"We must find a way to pass these voting rights bills," Biden said yesterday during a visit to Georgia. "Debate them. Vote. Let the majority prevail. And if that bare minimum is blocked, we have no option but to change the Senate rules – including getting rid of the filibuster for this."
Responding to the president's remarks on the "Washington Watch with Tony Perkins" program, Senator Roy Blunt (R-Missouri) said this is about taking advantage of a temporary moment where Democrats control the House, the Senate, and the White House.
"In all cases, they try to act like this is somehow a mandate and that they have a mandate to move forward with dramatic changes in the country," said Blunt. "There clearly is no mandate."
The Capitol Hill veteran (pictured) went on to point out that it wasn't that long ago when Senator Chuck Schumer (D-New York) denounced the idea from some Republicans to get rid of the filibuster:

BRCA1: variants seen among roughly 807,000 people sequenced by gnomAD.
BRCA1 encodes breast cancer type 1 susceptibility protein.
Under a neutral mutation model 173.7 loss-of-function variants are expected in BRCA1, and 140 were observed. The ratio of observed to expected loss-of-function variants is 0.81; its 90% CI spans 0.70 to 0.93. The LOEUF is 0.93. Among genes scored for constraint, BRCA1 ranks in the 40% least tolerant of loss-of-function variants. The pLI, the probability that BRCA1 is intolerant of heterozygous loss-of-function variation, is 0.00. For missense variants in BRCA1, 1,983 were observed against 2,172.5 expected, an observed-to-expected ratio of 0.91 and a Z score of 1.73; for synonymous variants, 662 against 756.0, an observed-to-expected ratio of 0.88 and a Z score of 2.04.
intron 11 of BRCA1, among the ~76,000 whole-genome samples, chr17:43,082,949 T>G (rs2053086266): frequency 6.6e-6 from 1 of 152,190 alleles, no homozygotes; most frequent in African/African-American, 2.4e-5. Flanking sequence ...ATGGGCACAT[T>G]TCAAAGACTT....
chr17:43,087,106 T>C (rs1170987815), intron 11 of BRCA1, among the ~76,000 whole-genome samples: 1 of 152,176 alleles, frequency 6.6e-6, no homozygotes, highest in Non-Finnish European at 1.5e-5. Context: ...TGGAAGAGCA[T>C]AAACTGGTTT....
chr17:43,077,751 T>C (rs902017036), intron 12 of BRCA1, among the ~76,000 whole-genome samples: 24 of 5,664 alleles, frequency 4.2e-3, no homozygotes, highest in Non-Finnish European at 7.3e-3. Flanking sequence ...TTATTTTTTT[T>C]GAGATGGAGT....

"The ideologues in the Senate want to turn what the Founding Fathers called 'the cooling saucer of democracy' into the rubber stamp of dictatorship," said Schumer in 2005. "We will not let them. They want, because they can't get their way on every judge, to change the rules in mid-stream, to wash away 200 years of history. They want to make this country into a banana republic, where if you don't get your way, you change the rules. Are we going to let them? It'll be a doomsday for democracy if we do."
Blunt told the radio audience: "You're going to hear a lot this week from Republicans talking about what Democrats were saying four years ago or five years ago or ten years ago and what they're saying today.
"If [Democrats] can change the rules where they could do anything with 51 votes, they could make Washington, DC, a state. With 51 votes, they might make Puerto Rico a state. And they certainly could do the election takeover that they're pushing forward this week."
All of those efforts, he concluded, are an attempt by Democrats to do "whatever they can right now to be sure they maximize the likelihood they'd stay in power."